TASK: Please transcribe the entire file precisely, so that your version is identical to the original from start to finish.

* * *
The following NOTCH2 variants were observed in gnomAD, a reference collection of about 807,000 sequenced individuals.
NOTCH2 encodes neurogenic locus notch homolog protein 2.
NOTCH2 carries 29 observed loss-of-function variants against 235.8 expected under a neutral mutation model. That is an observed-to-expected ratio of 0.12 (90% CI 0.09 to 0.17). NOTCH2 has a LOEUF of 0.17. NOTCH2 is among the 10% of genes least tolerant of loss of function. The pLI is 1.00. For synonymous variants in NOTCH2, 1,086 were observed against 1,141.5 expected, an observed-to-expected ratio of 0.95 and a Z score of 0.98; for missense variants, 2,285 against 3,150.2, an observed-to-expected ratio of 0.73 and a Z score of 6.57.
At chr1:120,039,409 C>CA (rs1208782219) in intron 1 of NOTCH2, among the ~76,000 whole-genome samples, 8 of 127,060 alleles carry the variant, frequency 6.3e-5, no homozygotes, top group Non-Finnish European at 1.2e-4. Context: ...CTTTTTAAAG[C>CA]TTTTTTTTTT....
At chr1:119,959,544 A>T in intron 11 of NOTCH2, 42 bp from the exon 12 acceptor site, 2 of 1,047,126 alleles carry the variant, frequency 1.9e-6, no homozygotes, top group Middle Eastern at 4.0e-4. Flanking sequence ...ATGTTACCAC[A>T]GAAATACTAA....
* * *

The following NOTCH2 variants were observed in gnomAD, a reference collection of about 807,000 sequenced individuals.
NOTCH2 encodes neurogenic locus notch homolog protein 2.
NOTCH2 carries 29 observed loss-of-function variants against 235.8 expected under a neutral mutation model. That is an observed-to-expected ratio of 0.12 (90% CI 0.09 to 0.17). NOTCH2 has a LOEUF of 0.17. NOTCH2 is among the 10% of genes least tolerant of loss of function. The pLI is 1.00. For synonymous variants in NOTCH2, 1,086 were observed against 1,141.5 expected, an observed-to-expected ratio of 0.95 and a Z score of 0.98; for missense variants, 2,285 against 3,150.2, an observed-to-expected ratio of 0.73 and a Z score of 6.57.
At chr1:120,039,409 C>CA (rs1208782219) in intron 1 of NOTCH2, among the ~76,000 whole-genome samples, 8 of 127,060 alleles carry the variant, frequency 6.3e-5, no homozygotes, top group Non-Finnish European at 1.2e-4. Context: ...CTTTTTAAAG[C>CA]TTTTTTTTTT....
At chr1:119,959,544 A>T in intron 11 of NOTCH2, 42 bp from the exon 12 acceptor site, 2 of 1,047,126 alleles carry the variant, frequency 1.9e-6, no homozygotes, top group Middle Eastern at 4.0e-4. Flanking sequence ...ATGTTACCAC[A>T]GAAATACTAA....